The fully efficient fractional imputation (FEFI) method uses multiple donor units for a recipient unit. The observation unit that contains the missing values is known as the recipient unit, and the observation unit that provides the value for imputation is known as the donor unit. The number of donor units for a recipient unit is equal to the number of observed levels for the missing items, given the observed levels for the nonmissing items of the recipient unit. Each donor donates a fraction of the original weight of the recipient unit such that the sum of the fractional weights from all the donors is equal to the original weight of the recipient. The fraction of the recipient weight that a donor unit contributes to the recipient unit is known as the fractional weight. The method is called fully efficient because it does not introduce additional variability that is caused by the selection of donor units (Kim and Fuller 2004). One disadvantage of the FEFI method is that it can greatly increase the size of the imputed data set. For more information, see Kalton and Kish (1984), Fuller (2009, Section 5.2.2), and Kim and Shao (2014, Section 4.6).
Suppose you want to impute P items jointly (by using the IMPJOINT statement in PROC SURVEYIMPUTE). Let be the true response for the P items for unit i. is completely known if all P items are observed for unit i. However, the true response might not be known for some units because of item nonresponse. Let be categorical and have J levels for item j. Denote as the observed part and as the missing part of . Let the population proportion that falls in category be . Assume that it is possible to estimate the population proportion from the observed sample. That is, for example, the conditional probability, , in the observed data is the same as the conditional probability in the data where are missing. The conditional probabilities are estimated by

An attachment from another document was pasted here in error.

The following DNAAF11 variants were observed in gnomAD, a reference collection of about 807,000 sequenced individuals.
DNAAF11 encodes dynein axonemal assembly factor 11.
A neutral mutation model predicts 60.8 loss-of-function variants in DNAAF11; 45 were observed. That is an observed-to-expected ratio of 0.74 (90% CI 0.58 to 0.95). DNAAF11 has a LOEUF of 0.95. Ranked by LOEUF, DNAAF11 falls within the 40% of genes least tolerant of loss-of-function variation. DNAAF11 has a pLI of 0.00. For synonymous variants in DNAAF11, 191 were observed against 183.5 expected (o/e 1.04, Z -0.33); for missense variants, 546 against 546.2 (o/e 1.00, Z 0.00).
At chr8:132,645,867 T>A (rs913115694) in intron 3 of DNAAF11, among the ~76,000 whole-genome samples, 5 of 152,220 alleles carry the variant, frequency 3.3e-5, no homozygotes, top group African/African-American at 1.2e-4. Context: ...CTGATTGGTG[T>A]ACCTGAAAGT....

where
is the estimated joint probability, is an indicator function, and is the observation weight for unit i.
The FEFI method uses an EM-by-weighting algorithm similar to that of Ibrahim (1990). The detailed algorithm is described in Kim and Fuller (2013). The following steps describe the imputation technique. If you do not specify imputation cells by using the CELLS statement, PROC SURVEYIMPUTE uses the entire data set as one imputation cell. If you specify imputation cells, then all the probabilities in these steps are computed by using observations from the same imputation cell as the recipient unit. To simplify notation, subscripts are not used for imputation cells in the following description.
For given i, let and be the observed part and the missing part, respectively, of unit i. Let be the index set for the complete respondents. Suppose you want to impute the missing part of , . The index set contains the indexes for the all possible donor units for . Let be all the observed combinations of . The set of all observed combinations for unit i defines the donor cells (all possible realizations) for unit i. Let be the lth imputed value of . You must assume that at least one imputed value is available; otherwise the observation is not imputed.
Initialization: For each observation that has missing items, determine the number of donor cells by using the number of unique combinations of observed levels for the missing items for the responding units in the imputation cell. Compute the initial fractional weight from donor cell l to unit i, , by
where is the number of donor cells, and